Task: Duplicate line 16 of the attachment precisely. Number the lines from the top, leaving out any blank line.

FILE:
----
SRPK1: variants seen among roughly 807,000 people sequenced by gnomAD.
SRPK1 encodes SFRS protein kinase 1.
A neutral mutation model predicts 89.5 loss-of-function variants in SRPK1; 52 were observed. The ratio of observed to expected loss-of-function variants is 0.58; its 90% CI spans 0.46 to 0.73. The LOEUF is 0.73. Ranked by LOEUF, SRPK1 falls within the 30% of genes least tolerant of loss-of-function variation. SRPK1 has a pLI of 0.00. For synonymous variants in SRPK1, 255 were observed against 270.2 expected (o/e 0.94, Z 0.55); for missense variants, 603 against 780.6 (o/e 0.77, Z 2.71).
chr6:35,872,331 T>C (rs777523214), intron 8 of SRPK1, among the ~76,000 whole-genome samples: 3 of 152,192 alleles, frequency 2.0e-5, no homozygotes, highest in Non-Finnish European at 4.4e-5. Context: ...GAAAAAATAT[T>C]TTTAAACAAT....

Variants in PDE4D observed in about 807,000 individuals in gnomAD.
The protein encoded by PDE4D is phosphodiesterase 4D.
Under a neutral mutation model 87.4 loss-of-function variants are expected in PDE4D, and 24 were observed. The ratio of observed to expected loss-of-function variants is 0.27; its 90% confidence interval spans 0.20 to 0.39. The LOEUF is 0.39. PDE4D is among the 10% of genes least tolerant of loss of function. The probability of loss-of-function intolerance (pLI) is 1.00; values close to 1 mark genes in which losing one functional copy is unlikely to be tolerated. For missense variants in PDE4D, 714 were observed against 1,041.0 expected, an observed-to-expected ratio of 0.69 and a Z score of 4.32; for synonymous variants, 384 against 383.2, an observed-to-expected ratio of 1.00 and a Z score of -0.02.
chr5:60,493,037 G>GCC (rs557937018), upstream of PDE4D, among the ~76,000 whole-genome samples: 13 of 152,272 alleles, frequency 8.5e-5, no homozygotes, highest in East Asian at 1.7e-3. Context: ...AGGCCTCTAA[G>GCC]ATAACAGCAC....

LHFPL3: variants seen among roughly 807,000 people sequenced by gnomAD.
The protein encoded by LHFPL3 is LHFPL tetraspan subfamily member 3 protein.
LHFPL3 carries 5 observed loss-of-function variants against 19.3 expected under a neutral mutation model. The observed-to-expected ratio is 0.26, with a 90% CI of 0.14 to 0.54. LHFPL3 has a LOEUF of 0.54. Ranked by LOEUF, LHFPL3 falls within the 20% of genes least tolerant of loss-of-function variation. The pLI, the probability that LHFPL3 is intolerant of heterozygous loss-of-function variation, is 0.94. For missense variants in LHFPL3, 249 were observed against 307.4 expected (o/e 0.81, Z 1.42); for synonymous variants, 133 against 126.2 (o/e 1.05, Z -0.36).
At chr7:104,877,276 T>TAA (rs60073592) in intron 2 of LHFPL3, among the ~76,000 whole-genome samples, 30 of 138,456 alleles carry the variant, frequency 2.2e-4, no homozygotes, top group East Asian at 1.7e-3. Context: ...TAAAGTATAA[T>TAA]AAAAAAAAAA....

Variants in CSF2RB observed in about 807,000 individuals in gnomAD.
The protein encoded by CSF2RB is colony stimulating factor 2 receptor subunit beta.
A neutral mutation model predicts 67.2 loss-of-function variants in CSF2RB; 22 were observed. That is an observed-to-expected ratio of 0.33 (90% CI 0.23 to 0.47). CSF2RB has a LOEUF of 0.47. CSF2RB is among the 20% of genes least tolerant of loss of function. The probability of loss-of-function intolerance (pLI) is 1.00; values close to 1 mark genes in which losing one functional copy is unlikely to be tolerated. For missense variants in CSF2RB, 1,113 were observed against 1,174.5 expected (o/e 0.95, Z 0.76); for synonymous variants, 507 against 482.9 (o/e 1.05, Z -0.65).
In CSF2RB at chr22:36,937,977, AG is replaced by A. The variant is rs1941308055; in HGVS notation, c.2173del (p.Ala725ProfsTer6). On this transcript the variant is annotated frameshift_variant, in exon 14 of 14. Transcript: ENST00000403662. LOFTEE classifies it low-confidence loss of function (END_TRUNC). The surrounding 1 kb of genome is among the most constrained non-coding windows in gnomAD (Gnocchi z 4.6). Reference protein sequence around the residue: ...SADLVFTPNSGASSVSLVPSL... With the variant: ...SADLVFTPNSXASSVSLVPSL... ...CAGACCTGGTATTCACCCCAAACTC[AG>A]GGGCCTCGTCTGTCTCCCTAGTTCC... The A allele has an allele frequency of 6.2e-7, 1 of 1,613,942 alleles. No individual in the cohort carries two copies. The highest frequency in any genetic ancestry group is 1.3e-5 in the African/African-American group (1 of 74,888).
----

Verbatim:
In CSF2RB at chr22:36,937,977, AG is replaced by A. The variant is rs1941308055; in HGVS notation, c.2173del (p.Ala725ProfsTer6). On this transcript the variant is annotated frameshift_variant, in exon 14 of 14. Transcript: ENST00000403662. LOFTEE classifies it low-confidence loss of function (END_TRUNC). The surrounding 1 kb of genome is among the most constrained non-coding windows in gnomAD (Gnocchi z 4.6). Reference protein sequence around the residue: ...SADLVFTPNSGASSVSLVPSL... With the variant: ...SADLVFTPNSXASSVSLVPSL... ...CAGACCTGGTATTCACCCCAAACTC[AG>A]GGGCCTCGTCTGTCTCCCTAGTTCC... The A allele has an allele frequency of 6.2e-7, 1 of 1,613,942 alleles. No individual in the cohort carries two copies. The highest frequency in any genetic ancestry group is 1.3e-5 in the African/African-American group (1 of 74,888).